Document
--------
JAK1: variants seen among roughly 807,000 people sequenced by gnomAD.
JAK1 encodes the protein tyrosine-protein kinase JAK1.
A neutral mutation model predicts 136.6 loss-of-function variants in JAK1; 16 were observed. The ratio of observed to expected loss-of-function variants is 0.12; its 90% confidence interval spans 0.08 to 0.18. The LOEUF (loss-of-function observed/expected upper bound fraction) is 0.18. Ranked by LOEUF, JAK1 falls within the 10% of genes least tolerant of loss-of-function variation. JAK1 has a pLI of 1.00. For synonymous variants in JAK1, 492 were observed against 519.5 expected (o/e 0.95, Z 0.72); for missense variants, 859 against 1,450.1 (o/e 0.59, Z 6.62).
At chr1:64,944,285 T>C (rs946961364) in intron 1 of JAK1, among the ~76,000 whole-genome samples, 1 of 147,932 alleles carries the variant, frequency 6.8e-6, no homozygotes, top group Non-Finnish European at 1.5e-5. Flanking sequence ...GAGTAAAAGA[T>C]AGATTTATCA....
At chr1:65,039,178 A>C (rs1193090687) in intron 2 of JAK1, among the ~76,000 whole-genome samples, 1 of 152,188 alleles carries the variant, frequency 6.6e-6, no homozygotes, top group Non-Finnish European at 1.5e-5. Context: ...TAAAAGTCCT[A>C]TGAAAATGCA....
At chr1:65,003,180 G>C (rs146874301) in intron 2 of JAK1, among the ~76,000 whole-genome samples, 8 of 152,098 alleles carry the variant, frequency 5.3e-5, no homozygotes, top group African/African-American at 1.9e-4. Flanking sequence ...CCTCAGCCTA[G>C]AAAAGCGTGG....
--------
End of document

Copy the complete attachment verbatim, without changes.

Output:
JAK1: variants seen among roughly 807,000 people sequenced by gnomAD.
JAK1 encodes the protein tyrosine-protein kinase JAK1.
A neutral mutation model predicts 136.6 loss-of-function variants in JAK1; 16 were observed. The ratio of observed to expected loss-of-function variants is 0.12; its 90% confidence interval spans 0.08 to 0.18. The LOEUF (loss-of-function observed/expected upper bound fraction) is 0.18. Ranked by LOEUF, JAK1 falls within the 10% of genes least tolerant of loss-of-function variation. JAK1 has a pLI of 1.00. For synonymous variants in JAK1, 492 were observed against 519.5 expected (o/e 0.95, Z 0.72); for missense variants, 859 against 1,450.1 (o/e 0.59, Z 6.62).
At chr1:64,944,285 T>C (rs946961364) in intron 1 of JAK1, among the ~76,000 whole-genome samples, 1 of 147,932 alleles carries the variant, frequency 6.8e-6, no homozygotes, top group Non-Finnish European at 1.5e-5. Flanking sequence ...GAGTAAAAGA[T>C]AGATTTATCA....
At chr1:65,039,178 A>C (rs1193090687) in intron 2 of JAK1, among the ~76,000 whole-genome samples, 1 of 152,188 alleles carries the variant, frequency 6.6e-6, no homozygotes, top group Non-Finnish European at 1.5e-5. Context: ...TAAAAGTCCT[A>C]TGAAAATGCA....
At chr1:65,003,180 G>C (rs146874301) in intron 2 of JAK1, among the ~76,000 whole-genome samples, 8 of 152,098 alleles carry the variant, frequency 5.3e-5, no homozygotes, top group African/African-American at 1.9e-4. Flanking sequence ...CCTCAGCCTA[G>C]AAAAGCGTGG....